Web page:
The cost of saving lives in this lockdown is too high

Shopping in London during lockdown
The cost of lost education and shouldering high debt outweighs the lives saved by the lockdown Credit: Kirsty Wigglesworth  /AP

How do you put a cost on a life? It’s often said that human life is priceless, but that of course is a nonsense. Insurers and actuaries weigh it in their scales every day and now Boris Johnson has the biggest call for any prime minister to make outside of a war: the trade-off between “health and wealth” as he plots a path out of lockdown.

Politicians are deeply uncomfortable discussing such issues in public for fear of being portrayed as callous. Behind every cold statistic in the mounting Covid-19 death toll is, after all, an individual personal tragedy. But the Cabinet has been divided into hawkish and dovish camps for weeks now, and the calls from the Government’s own backbenches for reopening have been getting louder.

Those of us unburdened by the disadvantage of facing the voters can also speak with more candour. And it is clear that the internment of the UK population is now doing more harm than good. It will make us poorer, entrench intergenerational inequalities, and potentially scar the incomes of millions of people for generations to come. 

Although the exact figure is disputed, you may be surprised to learn that the Treasury puts a £2m price tag on the cost of a life. This is the “value of a prevented fatality” (VPF) based on the death of an average person in an incident such as a road traffic accident, and used by hard-headed regulators to work out the trade-off between the cost of a life saved and the cost of implementing new rules.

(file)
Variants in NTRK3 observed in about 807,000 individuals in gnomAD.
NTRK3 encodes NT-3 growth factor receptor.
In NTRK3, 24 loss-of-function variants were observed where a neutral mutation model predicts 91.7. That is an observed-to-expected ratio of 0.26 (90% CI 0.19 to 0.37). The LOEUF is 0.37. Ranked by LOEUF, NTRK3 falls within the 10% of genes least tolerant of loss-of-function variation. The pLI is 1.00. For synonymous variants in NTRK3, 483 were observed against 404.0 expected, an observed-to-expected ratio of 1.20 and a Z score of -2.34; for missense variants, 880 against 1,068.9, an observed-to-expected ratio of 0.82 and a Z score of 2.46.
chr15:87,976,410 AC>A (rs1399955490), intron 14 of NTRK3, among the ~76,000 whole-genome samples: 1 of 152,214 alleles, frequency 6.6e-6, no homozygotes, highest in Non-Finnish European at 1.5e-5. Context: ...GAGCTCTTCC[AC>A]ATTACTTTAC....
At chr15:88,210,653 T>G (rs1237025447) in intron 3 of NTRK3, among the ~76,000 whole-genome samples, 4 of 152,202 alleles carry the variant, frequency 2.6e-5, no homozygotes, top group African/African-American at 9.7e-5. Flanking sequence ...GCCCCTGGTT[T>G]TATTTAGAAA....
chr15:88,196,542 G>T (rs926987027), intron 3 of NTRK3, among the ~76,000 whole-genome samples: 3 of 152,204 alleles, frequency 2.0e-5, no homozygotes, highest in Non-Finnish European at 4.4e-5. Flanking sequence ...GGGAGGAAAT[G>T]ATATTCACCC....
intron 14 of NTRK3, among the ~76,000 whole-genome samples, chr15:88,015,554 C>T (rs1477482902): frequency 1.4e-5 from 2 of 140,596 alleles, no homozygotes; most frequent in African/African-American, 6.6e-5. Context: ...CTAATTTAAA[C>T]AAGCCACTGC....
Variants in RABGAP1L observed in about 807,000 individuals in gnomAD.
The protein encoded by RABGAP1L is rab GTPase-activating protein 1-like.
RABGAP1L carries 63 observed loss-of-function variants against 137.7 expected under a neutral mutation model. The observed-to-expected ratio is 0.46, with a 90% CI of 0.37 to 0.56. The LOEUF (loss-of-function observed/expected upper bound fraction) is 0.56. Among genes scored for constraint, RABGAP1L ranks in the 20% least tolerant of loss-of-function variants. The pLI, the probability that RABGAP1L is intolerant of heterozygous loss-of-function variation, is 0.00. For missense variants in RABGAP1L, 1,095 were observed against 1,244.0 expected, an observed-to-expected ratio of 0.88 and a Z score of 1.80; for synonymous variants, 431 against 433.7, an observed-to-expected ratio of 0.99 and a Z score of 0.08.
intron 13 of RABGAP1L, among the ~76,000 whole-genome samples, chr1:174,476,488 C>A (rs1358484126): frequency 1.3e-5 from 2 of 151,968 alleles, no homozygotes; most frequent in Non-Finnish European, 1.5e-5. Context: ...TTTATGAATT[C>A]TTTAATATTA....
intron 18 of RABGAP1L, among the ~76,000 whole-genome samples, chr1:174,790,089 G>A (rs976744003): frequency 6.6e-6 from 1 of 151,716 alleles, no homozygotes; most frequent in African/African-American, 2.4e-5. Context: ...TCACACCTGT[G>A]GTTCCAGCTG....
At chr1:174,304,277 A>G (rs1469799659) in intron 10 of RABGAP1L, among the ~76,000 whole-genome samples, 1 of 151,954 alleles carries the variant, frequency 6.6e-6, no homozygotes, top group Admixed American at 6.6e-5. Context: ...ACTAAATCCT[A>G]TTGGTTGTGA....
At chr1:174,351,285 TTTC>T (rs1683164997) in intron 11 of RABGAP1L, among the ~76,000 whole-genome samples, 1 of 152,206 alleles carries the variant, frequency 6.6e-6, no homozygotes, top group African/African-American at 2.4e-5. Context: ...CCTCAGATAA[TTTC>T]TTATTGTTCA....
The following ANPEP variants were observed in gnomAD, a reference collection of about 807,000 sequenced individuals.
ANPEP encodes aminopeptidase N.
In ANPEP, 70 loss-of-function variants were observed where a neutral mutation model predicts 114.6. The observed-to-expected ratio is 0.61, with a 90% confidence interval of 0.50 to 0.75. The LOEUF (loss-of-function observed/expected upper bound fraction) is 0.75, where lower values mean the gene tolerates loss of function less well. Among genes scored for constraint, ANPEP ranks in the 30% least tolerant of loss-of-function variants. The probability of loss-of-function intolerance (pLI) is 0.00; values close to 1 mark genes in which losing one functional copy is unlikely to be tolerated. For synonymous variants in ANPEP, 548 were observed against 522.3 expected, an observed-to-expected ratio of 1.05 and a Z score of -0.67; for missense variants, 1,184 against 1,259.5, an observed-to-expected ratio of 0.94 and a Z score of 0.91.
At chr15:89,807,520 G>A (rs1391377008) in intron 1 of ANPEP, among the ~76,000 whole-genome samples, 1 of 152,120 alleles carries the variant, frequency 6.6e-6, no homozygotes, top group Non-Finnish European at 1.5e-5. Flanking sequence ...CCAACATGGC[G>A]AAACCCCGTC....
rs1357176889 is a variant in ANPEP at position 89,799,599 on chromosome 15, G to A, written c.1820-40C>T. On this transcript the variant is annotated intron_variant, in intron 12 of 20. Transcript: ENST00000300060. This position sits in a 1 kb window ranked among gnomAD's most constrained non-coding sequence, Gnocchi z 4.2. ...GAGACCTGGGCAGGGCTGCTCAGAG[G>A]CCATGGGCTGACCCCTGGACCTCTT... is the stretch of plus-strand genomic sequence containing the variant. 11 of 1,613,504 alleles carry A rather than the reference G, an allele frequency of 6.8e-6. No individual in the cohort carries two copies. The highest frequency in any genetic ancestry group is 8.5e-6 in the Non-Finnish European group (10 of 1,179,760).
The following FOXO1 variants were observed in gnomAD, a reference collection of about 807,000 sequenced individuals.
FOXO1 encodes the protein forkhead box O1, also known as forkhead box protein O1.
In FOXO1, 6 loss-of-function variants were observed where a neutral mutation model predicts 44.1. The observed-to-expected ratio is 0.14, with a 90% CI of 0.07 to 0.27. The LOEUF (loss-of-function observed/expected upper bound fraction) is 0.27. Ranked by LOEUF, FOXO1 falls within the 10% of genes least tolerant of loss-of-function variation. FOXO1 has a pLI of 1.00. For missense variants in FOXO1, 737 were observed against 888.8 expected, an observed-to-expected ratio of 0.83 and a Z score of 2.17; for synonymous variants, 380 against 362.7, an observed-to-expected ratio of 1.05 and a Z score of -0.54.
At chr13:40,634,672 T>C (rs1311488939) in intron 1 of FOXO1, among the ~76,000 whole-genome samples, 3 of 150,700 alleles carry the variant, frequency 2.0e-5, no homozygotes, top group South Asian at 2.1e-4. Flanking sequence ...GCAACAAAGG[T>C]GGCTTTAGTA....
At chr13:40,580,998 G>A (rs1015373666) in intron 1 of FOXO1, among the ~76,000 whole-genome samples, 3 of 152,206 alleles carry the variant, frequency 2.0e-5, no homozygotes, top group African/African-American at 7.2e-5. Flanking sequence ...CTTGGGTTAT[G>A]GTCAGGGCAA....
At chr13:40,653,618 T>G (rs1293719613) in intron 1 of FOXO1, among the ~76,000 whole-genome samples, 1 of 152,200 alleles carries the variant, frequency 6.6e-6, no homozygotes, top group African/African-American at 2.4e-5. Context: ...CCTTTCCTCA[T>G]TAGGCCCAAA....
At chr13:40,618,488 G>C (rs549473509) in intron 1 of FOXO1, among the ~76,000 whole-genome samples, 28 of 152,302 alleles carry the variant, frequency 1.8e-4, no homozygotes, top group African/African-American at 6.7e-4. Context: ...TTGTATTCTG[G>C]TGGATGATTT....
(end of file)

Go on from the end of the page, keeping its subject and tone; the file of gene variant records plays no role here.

Two LSE researchers, Paul Dolan and Pinar Jenkins, used that number and Imperial College’s modelling of the expected spread of Covid-19, to estimate that the suppression strategy adopted in March saved around 189,000 lives. Purely on the basic VPF, that saves the UK a vast looking £378bn: around £6,000 per head and a chunky 17pc of GDP.

Worth every penny then? Not quite. The average age of a Covid-19 fatality is around 75 and when the duo adjusted their calculations for the five years of expected life gained from a prevented death – they came up with the much smaller number of £60bn.

To put that figure into context: it is less than a quarter of our expected deficit in the current financial year, and it is about the size of what the Treasury’s Debt Management Office will be raising in a single month to pay for the deep freezing of the world’s fifth largest economy.

Even if it is beyond the pale for a politician to acknowledge it, the LSE estimates illustrate the wider point that the cost-benefit analysis of this lockdown simply doesn’t stack up any more. The former Governor of the Bank of England, Lord King, put it well: “The younger generations have suffered in the last 20 years. Why on earth is our future being put at stake in order to help prolong life expectancy of older people, whose life expectancy will not be very high in any event?”